Besides its exceptional beauty, North Island has long been renowned for its fertility and also for the richness of the fishing grounds wherein it nestles. It is not surprising, therefore, that North Island's lodge should draw upon these exceptional natural resources. North Island cuisine is based on the very finest natural products lovingly prepared in a sumptuous array of exotic dishes.
The cuisine of North Island is based on the diversity and cultural influences which, in part, make up the Seychellois Creole flavour. Culinary aspects of Africa, France, southern India and south east Asia are combined with the tropical, organic resources of North Island and the abundance on offer from the Indian Ocean. Balanced together with simplicity, guests can expect a feast that will awaken all of their senses.
There is a "no menu" concept of dining in the restaurant i.e. the chef, Geoffrey Murray, speaks to the guest upon arrival, explains the North Island cuisine concept, finds out their food preferences and then develops the menus daily around this information.
North Island promises a memorable culinary experience, complemented by an impressive cellar with some of the world's great wines and champagnes. The wine cellar allows guests, under the guidance of experts if so required, to select a vintage to suit their palate.
One of the reasons North Island was bought was because of its potential to become a Noah's Ark sanctuary where natural habitats could be rehabilitated and where critically endangered Seychelles fauna and flora could be re-introduced and given a place to regenerate.
The essence of North Island is a sustainable, ecologically sensitive utilisation of a precious natural treasure.
When North Island was abandoned in the 1970's following the collapse of the coconut industry, many unwanted and intrusive species of flora and fauna remained behind such as coconuts, casuarina, cows, rats, pigs, Indian mynah birds, cats, barn owls and an especially invasive weed called lantana.
Together, these unwanted elements held North in a stranglehold that threatened to stifle its very life force, smothering the indigenous plants, decimating the bird life and drying up the marshland that is the lifeblood of the Island.
After the alarm bell had been sounded by prominent ecologists, The North Island Company Ltd. undertook the challenge, not only to reverse the Island's sorry decline, but to take the long road towards the restoration of the Island to its former glory. A cornerstone of this bold initiative has been the "Noah's Ark" concept, where tortoises and certain species of bird are gradually being re-introduced to the Island along with indigenous trees such as the takamaka, badamier and the legendary coco-de-mer palm.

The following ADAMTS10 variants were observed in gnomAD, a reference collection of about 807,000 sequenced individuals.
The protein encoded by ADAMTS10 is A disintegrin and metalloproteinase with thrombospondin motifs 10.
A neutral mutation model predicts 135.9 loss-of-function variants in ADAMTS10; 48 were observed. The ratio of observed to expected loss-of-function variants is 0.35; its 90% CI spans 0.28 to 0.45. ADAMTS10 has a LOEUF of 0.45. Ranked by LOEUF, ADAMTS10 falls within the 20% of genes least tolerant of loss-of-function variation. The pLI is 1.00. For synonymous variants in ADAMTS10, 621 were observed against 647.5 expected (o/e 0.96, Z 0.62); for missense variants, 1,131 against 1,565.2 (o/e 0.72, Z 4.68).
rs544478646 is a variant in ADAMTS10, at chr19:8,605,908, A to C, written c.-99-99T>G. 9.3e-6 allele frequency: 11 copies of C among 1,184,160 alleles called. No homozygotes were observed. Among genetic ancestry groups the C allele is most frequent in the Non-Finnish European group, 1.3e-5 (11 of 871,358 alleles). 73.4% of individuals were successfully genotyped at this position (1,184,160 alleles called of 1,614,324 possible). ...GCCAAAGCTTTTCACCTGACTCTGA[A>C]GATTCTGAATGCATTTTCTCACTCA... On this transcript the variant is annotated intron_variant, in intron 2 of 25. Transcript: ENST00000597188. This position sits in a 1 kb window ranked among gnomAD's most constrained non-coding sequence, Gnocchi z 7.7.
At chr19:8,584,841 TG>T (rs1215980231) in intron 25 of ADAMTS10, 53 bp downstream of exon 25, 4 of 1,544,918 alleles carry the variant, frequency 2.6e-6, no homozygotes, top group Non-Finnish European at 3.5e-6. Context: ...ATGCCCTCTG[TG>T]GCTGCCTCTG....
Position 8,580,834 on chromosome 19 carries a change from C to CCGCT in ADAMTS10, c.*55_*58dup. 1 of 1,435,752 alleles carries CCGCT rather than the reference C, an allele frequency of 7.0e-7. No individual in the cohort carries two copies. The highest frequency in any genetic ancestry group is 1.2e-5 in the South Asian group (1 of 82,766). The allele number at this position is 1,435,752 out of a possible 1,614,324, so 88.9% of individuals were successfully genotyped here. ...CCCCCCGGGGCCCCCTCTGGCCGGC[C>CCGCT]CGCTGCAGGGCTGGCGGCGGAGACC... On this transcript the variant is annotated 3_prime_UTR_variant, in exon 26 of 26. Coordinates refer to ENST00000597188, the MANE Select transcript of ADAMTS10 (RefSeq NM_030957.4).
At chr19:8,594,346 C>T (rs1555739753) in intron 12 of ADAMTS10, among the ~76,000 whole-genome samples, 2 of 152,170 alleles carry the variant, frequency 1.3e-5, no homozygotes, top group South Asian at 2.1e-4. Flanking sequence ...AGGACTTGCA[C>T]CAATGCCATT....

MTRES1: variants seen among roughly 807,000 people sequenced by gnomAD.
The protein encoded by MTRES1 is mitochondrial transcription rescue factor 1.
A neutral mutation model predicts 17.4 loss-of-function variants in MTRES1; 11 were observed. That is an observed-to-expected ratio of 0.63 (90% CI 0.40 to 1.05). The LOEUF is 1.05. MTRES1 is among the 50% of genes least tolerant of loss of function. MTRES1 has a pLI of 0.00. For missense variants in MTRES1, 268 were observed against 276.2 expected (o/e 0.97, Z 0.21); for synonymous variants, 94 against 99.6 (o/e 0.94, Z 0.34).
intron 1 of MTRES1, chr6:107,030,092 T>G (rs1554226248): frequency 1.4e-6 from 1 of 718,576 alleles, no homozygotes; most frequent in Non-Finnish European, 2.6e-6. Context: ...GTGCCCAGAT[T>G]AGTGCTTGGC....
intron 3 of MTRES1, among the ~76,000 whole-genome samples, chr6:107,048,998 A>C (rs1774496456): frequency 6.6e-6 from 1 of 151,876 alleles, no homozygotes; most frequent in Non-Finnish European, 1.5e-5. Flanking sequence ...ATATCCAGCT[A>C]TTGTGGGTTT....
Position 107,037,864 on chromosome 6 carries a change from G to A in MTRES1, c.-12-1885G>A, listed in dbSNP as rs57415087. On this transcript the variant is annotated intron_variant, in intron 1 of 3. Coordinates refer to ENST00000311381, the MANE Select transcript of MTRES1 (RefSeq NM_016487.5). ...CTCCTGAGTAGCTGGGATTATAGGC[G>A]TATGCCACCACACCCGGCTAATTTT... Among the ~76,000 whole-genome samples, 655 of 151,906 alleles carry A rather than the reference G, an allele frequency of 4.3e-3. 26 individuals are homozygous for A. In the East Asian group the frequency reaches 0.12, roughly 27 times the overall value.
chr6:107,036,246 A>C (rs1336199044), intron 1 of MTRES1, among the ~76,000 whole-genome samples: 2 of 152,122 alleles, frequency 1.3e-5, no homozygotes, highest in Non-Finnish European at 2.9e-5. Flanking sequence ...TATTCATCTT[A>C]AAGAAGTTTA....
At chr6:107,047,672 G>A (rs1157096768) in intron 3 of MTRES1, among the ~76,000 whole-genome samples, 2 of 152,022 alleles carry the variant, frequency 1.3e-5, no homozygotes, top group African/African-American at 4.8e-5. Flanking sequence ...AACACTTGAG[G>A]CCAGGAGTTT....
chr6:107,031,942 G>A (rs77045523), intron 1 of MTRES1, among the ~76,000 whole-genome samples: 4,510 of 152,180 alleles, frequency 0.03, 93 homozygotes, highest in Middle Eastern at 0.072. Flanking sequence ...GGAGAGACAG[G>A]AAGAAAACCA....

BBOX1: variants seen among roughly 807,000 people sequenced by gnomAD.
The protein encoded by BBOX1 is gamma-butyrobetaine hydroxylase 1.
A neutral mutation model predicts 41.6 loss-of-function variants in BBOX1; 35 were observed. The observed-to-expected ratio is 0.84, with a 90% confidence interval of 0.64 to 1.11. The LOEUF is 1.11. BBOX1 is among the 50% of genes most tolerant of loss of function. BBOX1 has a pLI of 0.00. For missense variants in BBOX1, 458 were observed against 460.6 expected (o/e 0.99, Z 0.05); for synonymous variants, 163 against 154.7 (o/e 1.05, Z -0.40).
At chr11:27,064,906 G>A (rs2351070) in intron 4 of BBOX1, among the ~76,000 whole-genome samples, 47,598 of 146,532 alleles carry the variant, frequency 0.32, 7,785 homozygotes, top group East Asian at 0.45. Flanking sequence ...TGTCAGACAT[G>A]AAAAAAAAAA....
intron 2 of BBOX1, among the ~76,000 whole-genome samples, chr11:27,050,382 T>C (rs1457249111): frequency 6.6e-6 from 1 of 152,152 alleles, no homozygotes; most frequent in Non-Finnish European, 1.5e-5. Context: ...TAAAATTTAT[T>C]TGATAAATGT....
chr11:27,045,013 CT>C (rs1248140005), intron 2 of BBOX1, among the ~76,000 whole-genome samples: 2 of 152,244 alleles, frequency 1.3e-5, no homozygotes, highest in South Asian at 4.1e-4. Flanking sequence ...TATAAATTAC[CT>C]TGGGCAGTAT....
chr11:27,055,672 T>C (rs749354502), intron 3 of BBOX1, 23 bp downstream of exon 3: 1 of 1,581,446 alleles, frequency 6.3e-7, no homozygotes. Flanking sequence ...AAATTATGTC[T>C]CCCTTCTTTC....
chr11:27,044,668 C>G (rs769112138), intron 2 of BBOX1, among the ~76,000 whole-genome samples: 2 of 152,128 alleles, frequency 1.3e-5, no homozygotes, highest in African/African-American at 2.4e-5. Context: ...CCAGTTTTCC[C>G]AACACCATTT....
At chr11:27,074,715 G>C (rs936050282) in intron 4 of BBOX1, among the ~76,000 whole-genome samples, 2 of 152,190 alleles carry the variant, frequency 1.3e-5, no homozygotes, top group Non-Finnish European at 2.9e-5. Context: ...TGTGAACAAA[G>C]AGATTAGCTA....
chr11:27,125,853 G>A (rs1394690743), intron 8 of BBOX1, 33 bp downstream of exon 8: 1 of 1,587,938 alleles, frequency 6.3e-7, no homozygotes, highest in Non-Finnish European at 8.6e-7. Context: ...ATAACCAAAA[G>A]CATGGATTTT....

The concept of an eco-sensitive lodge on North Island has been preceded by years of painstaking research and co-ordination with government conservation bodies committed to ensuring the protection of the natural environment and biodiversity. Such considerations have not only placed numerous checks and controls on the nature of the project itself, but have also ensured that maximum efforts are made in the direction of the recycling of materials and the rehabilitation of existing structures. They have steered North Island's architects down the road of limited development, limited noise, the preservation of historical sites, the eradication of alien fauna and flora, and the replanting of lost species of fauna, as well as the conservation of water and the installation of ecologically sensitive sewerage.
The conscientious pursuit of such policies is now reaping its just rewards and has contributed much to the extraordinary way in which the lodge's eleven secluded Villas blend seamlessly into their surroundings and also to the eco-sensitive aura that now pervades the Island.
Felled alien trees such as the casuarinas, as well as dead takamaka trees, have been used in the building, their serpentine roots now snaking their way through roofs, their bleached limbs adorning balustrades and stairways. In one inspiring marriage of past and present, two of the original copra shacks have been turned into a library and dive centre while the quest for excellence has brought together artisans from as far a field as Malawi, South Africa and of course, Seychelles.
The on-going process of conservation is at the very heart of North Island's philosophy and, as part of the Island's continuing endeavours to safeguard its environment, a programme of rat eradication has been successfully completed. This will pave the way for the return of at least three indigenous species of bird, all of them on the danger list: the Black Paradise Flycatcher, the Seychelles Warbler and, most important of all, the Seychelles Magpie Robin - one of the world's rarest birds.
North Island will continue to honour the policies that are enabling it to realise its goal of offering the highest standards of hospitality against a backdrop of sustainable, eco-friendly practice.
Contact us about North Island